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Congress torpedoed a major piece of Mr. Obama’s climate change push in 2009 when the Democrat-controlled Senate failed to muster the votes needed to pass his “cap-and-trade” proposal. The bill passed the House, which Democrats also controlled.

The vote haunted Democrats in 2010 elections, when Republicans picked up 63 seats and control of the House after knocking off a number of Democrats who supported cap-and-trade.

Since that legislation failed, Mr. Obama — working primarily through the Environmental Protection Agency — has adopted fuel-economy standards for automobiles and proposed tough emissions standards for new coal-fired power plants, which critics say would amount to a de facto ban on new coal plants.

The administration and its supporters, meanwhile, also point to the billions of dollars Mr. Obama has poured into renewable-energy projects, such as wind and solar power, as examples of his commitment to reduce carbon emissions and fight climate change.

Still, the issue largely floated under the radar during the presidential election campaign last year. Instead, the debate focused on the economy, jobs and government spending.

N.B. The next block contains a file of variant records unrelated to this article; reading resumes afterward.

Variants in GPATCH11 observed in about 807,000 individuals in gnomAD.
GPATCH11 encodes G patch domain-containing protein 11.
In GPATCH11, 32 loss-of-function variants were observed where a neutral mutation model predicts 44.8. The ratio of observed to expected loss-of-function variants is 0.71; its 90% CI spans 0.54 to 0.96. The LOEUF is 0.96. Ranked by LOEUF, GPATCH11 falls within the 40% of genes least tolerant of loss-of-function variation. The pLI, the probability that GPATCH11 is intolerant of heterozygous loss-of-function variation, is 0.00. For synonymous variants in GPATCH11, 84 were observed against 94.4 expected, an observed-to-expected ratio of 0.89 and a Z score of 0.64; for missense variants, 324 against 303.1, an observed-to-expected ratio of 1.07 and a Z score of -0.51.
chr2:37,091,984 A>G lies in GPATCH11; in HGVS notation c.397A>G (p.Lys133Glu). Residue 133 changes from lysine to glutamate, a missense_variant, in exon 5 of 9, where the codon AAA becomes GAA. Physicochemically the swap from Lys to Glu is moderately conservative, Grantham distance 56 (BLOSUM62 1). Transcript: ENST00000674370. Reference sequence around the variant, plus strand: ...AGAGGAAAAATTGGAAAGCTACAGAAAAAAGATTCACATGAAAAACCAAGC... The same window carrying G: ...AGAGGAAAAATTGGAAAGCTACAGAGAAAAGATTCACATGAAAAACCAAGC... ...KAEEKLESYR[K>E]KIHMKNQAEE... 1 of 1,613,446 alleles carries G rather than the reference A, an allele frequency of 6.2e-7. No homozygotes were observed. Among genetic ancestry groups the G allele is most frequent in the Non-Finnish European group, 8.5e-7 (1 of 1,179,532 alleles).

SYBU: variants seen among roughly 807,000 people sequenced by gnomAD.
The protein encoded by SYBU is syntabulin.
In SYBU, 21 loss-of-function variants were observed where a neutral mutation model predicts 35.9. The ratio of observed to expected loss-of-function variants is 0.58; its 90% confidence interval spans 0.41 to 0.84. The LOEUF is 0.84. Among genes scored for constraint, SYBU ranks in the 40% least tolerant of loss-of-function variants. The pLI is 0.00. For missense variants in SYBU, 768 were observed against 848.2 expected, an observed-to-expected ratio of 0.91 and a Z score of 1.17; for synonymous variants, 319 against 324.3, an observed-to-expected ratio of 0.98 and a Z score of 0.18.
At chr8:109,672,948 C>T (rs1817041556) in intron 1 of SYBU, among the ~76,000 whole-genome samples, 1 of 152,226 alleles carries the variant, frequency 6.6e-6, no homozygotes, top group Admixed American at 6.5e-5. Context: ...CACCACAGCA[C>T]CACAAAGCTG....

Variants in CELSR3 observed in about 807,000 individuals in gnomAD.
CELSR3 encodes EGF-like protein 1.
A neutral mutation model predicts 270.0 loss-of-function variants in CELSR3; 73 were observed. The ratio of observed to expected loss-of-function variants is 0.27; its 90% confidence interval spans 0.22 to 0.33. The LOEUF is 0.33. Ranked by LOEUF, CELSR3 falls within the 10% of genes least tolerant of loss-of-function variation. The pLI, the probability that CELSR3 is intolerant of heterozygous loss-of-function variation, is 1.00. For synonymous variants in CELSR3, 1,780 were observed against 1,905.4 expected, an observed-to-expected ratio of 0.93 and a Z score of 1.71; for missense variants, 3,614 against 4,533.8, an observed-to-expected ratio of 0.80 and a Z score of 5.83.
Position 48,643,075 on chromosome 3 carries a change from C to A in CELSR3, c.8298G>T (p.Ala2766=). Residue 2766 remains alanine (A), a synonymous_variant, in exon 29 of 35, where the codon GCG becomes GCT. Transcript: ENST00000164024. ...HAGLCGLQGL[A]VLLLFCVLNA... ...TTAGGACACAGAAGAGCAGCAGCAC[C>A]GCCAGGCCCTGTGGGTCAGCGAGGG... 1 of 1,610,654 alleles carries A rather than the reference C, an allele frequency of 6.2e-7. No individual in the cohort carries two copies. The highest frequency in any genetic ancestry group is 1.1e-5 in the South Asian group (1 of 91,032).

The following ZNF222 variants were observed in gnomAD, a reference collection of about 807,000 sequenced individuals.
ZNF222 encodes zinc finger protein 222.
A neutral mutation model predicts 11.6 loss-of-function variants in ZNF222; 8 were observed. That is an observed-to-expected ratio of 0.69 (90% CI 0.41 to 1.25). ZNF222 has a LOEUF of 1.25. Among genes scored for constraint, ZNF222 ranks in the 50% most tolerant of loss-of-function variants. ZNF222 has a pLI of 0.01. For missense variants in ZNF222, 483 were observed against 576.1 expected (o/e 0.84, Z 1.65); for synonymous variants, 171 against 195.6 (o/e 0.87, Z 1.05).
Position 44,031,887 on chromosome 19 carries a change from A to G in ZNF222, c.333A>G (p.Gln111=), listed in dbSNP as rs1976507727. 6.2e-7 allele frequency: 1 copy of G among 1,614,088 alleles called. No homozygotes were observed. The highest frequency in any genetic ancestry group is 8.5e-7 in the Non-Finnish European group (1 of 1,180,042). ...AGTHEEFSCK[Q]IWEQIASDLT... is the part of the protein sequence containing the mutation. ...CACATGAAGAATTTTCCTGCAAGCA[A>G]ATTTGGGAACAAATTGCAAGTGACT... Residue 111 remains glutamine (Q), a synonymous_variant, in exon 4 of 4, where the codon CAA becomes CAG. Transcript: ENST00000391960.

Mr. Obama signaled his plans to revive the subject in his second inaugural address, challenging those who “still deny the overwhelming judgment of science” and arguing that the failure to tackle the issue would “betray our children and future generations.”

The Pew Research Center released a poll after the inaugural address that found Americans ranked climate change last on a list of 21 priorities for lawmakers — well behind the top three: strengthening the economy, creating jobs and reducing the budget deficit.

A Pew poll released in February showed 34 percent of the public viewed climate-change policies as something that must be tackled this year, while 62 percent of those surveyed favored stricter emission limits on power plants.